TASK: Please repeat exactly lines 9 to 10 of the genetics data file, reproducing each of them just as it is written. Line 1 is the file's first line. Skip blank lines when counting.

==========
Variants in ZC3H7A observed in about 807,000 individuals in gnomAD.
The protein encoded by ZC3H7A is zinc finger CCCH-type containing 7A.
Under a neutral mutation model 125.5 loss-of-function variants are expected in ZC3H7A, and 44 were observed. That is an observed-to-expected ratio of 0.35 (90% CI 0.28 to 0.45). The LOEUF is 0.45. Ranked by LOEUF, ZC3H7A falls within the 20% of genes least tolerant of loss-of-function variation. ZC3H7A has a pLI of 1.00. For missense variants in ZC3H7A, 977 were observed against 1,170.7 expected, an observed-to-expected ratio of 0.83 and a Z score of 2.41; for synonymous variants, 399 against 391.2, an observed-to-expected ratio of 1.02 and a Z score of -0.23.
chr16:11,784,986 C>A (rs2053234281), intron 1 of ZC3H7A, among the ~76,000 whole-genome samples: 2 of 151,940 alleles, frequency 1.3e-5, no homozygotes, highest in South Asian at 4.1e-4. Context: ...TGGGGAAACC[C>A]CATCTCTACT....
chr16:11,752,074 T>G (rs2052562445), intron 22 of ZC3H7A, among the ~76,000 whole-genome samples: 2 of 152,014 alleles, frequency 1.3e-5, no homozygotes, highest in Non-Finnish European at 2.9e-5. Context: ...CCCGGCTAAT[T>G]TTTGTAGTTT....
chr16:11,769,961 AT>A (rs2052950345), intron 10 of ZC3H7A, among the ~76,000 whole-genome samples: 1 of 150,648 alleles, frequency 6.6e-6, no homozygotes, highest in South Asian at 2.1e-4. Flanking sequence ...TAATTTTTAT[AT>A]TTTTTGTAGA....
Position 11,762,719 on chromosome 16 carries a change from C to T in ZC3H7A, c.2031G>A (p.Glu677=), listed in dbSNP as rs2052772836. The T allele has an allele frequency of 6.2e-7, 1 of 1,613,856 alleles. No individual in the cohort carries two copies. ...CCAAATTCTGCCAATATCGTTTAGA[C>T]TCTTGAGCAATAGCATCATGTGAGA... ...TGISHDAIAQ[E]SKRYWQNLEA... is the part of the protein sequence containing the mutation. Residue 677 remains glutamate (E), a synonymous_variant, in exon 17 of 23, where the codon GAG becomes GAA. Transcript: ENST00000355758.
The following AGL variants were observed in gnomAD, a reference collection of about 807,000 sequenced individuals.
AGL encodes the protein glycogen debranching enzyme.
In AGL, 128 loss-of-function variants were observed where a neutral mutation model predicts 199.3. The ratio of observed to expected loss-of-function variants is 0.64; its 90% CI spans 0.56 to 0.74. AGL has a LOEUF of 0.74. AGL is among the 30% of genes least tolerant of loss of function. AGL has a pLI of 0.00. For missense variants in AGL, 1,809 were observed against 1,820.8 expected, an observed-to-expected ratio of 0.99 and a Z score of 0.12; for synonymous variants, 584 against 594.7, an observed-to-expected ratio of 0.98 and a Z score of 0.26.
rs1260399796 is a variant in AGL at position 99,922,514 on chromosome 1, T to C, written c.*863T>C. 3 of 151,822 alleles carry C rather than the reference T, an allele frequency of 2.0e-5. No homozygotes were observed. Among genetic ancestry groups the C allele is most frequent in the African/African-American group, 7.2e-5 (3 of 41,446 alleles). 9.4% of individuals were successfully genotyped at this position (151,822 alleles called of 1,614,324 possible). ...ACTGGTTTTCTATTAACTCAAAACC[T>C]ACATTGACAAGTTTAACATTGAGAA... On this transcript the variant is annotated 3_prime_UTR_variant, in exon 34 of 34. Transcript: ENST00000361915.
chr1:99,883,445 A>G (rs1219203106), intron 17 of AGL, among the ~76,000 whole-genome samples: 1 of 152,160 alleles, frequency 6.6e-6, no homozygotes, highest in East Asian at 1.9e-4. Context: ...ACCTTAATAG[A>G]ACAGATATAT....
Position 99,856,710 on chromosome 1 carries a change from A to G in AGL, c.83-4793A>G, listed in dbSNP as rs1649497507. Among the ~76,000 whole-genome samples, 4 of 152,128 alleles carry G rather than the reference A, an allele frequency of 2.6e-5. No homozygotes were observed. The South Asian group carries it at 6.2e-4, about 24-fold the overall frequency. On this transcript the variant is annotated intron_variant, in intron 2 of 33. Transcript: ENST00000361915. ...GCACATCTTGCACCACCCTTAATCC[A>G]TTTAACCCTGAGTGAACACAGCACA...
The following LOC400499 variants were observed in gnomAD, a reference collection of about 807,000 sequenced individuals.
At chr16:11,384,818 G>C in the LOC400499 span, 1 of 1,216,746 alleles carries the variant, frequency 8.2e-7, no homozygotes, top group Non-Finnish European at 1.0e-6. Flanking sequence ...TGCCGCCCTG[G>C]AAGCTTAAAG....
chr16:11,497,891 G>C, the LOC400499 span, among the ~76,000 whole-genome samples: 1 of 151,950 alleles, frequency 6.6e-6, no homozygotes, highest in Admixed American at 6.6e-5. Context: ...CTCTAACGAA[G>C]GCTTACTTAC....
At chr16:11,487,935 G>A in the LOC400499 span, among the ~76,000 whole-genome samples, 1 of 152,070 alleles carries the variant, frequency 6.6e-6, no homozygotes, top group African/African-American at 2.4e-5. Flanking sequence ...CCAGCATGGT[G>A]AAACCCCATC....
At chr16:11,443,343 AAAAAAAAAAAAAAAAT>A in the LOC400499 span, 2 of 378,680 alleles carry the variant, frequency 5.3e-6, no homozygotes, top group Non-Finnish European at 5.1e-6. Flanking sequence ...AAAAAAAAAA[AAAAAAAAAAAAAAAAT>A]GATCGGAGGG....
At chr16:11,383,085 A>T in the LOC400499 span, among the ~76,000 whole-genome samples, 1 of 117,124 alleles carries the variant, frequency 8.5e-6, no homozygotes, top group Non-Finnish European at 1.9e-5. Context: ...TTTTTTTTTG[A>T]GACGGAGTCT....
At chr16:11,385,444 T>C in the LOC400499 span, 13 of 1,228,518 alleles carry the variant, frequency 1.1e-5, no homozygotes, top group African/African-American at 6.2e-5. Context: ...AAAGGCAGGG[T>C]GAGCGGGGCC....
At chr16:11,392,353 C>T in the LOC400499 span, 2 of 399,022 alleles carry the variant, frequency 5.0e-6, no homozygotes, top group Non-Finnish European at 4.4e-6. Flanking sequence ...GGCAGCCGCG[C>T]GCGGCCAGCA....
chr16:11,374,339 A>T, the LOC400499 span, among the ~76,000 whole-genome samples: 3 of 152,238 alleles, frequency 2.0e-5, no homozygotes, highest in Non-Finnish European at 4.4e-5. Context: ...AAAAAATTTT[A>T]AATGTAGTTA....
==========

AGL encodes the protein glycogen debranching enzyme.
In AGL, 128 loss-of-function variants were observed where a neutral mutation model predicts 199.3. The ratio of observed to expected loss-of-function variants is 0.64; its 90% CI spans 0.56 to 0.74. AGL has a LOEUF of 0.74. AGL is among the 30% of genes least tolerant of loss of function. AGL has a pLI of 0.00. For missense variants in AGL, 1,809 were observed against 1,820.8 expected, an observed-to-expected ratio of 0.99 and a Z score of 0.12; for synonymous variants, 584 against 594.7, an observed-to-expected ratio of 0.98 and a Z score of 0.26.